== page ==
“Look here,” calls Lt. Amir, one of the scouts. “This is the Mukata [Hamas government offices] in the Gaza Strip. Next to it you can still see the destruction from Cast Lead.”

Not much can be said about the camera and its capabilities. It is developed by Elbit Systems subsidiary El-Op based in Rehovot, and is said to be one of the most advanced cameras of its kind in the world. The exact specifications of its resolution are classified, but what can be told is that if you are in a standoff position flying a safe distance from Gaza you can still make out the color of the shirt on the man stepping out of the yellow cab in downtown Gaza City.

As we move further south, we finally settle over the Philadelphi Corridor, the 14-km. strip of land, home to hundreds of tunnels that Hamas and other Palestinian terror organizations use along the Egyptian-Gaza border to smuggle weapons into Gaza. Here, the squadron often flies to look for changes along the border. In recent months, for example, since the revolution in Egypt, the construction of an underground barrier by the Egyptians has been frozen.

Most striking is the density and how crowded the Gaza Strip looks from the air. When flying over Khan Yunis in the South, the streets are so narrow that it looks like the houses are all connected, like one big long strip of concrete.

“From up here things look quiet but it is deceiving since it is anything but quiet down there,” explains Omri. “They are engaged in an unbelievable military buildup and we need to be ready with targets.”

The scouts know Gaza and Lebanon like the palm of their hands. With the turn of a joystick, they can have the camera over a random streetlight on a corner of a Gaza City street. All you have to do is ask.

“We know where everything is,” Amir says, as he follows my request and takes the camera over the new soccer field in Gaza City. “We can see them play from up here,” he says smiling. “They aren’t too good.” The enemy knows that the IAF is up above watching and Omri and his men have noticed increasing attempts by Hamas to conceal its activities, firstly by moving underground but also by spreading long sheets over streets when it moves weaponry and sets up rockets for an attack.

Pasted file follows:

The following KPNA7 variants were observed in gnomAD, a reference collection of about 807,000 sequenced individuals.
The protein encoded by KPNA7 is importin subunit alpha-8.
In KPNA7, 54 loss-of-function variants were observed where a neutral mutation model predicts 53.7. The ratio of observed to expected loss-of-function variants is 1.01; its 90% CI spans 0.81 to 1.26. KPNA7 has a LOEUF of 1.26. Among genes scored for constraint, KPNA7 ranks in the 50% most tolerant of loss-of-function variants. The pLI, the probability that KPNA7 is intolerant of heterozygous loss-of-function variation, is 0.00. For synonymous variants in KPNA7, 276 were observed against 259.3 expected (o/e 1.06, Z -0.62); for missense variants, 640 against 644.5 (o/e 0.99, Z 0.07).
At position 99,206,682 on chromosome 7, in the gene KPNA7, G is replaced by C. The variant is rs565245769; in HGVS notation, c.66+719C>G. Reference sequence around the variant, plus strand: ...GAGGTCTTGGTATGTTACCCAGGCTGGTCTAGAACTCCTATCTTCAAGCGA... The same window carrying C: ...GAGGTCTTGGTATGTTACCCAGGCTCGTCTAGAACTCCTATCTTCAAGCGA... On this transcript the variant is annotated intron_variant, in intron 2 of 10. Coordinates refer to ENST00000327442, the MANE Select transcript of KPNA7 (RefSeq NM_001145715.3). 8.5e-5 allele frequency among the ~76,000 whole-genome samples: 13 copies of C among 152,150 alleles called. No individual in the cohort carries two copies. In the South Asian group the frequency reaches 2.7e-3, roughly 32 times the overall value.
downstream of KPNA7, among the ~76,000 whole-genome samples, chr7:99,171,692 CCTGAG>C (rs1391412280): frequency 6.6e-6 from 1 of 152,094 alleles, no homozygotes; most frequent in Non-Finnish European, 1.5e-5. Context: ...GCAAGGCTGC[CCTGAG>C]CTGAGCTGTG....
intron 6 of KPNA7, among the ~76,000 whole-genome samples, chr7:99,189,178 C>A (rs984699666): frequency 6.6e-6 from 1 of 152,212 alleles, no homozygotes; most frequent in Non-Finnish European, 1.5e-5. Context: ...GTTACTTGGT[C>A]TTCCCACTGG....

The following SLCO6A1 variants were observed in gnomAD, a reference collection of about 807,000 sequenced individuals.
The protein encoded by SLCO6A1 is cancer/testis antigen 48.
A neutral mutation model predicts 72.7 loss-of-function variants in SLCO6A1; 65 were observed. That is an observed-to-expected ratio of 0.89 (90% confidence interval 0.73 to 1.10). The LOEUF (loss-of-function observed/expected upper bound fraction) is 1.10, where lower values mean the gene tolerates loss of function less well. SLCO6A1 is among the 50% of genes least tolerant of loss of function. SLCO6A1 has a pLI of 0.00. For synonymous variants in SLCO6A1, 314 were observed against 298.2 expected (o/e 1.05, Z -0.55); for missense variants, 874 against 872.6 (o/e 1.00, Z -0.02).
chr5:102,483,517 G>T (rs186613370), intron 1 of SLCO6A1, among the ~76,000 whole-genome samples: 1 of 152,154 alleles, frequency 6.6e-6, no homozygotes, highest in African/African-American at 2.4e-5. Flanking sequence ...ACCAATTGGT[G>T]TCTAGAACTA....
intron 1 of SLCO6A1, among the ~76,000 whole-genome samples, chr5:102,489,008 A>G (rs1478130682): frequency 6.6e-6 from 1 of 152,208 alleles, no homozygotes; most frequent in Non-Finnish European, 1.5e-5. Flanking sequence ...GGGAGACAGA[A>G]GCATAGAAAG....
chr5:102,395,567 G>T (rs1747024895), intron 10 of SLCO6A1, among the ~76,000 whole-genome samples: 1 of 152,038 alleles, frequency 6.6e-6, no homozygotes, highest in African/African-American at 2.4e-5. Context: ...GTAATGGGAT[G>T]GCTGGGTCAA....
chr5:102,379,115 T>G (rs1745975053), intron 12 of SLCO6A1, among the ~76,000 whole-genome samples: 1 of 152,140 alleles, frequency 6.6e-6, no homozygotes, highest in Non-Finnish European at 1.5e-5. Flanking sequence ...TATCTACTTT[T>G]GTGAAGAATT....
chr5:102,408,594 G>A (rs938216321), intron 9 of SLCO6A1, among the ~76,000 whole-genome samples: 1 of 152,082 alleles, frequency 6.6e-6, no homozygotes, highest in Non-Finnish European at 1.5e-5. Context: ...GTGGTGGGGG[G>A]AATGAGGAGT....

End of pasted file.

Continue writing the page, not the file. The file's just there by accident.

“It is clear to me that our existence is a major nuisance to the other side and that because of us they need to work harder and live underground,” Omri says. “Our enemies do not like that we have VISINT capabilities and they would like to impair our operational freedom and be able to hit us.”

While most of its missions are predetermined and based on intelligence provided by the IAF’s Intelligence Command, AMAN and the Shin Bet (Israel Security Agency), no less important is its other mission – to provide real-time support during ongoing IDF operations, on the ground and from the air.

“Preventing civilian casualties is always on our minds,” according to Omri. “We are always aware how a simple mistake can turn into a major national disaster, and we know that if we move our eyes even for one second from the screen we could accidentally cause the wrong person to get hit on the ground.”

In August, the squadron was activated over Gaza in the latest round of violence spanning a few days during which over 160 rockets were fired into Israel. “Our mission was to hunt down rocket launchers and to try and find the rocket cells responsible for firing them,” Amir says.

For Amir, this is also a personal mission. His family lives in Beersheba, a city that was hit hard during Cast Lead and the latest escalation. “There is an enormous feeling of responsibility,” he says.

At one point, the scouts think they see something suspicious. A man is switching from one car to the next in a rapid pace as if he is trying to lose a tail. “Watch him enter the cab,” says Tamar, the junior scout working with Amir. “Now he is on foot,” Amir says.

They track him for a few minutes until they are confident that it was random and nothing terror related. But that is not always the case.

A few weeks ago, they were given intelligence about a Palestinian who was suspected of serving as a senior operative in one of the Gaza-based terrorist organizations.

They followed him for a couple of hours from one building to another until he finally arrived at a large warehouse. After a few minutes, he emerged carrying a number of what looked like long pipes – Katyusha rockets.

“Within seconds our mission turns from intelligence gathering to a hunt,” says Amir. “The countdown begins because we know that he is on his way to set up a launcher and to fire the rocket into Israel. Working with other IAF aircraft, we were able to stop him and destroy the launcher.”

While Omri is satisfied with the squadron’s work, he wishes he could one day expose the entire world to what he and his crew do on a daily basis.

“I would be happy to bring all of those who accuse Israel of war crimes onto our planes and show them what we do and how much we – as a squadron – invest in trying to minimize harm to civilians,” he says. “We spend hours watching targets to make sure that a civilian doesn’t accidentally walk into the strike zone, something no other military does in the world.”

Israel faces an uncertain future. Squadron 100 helps make it a more secure one.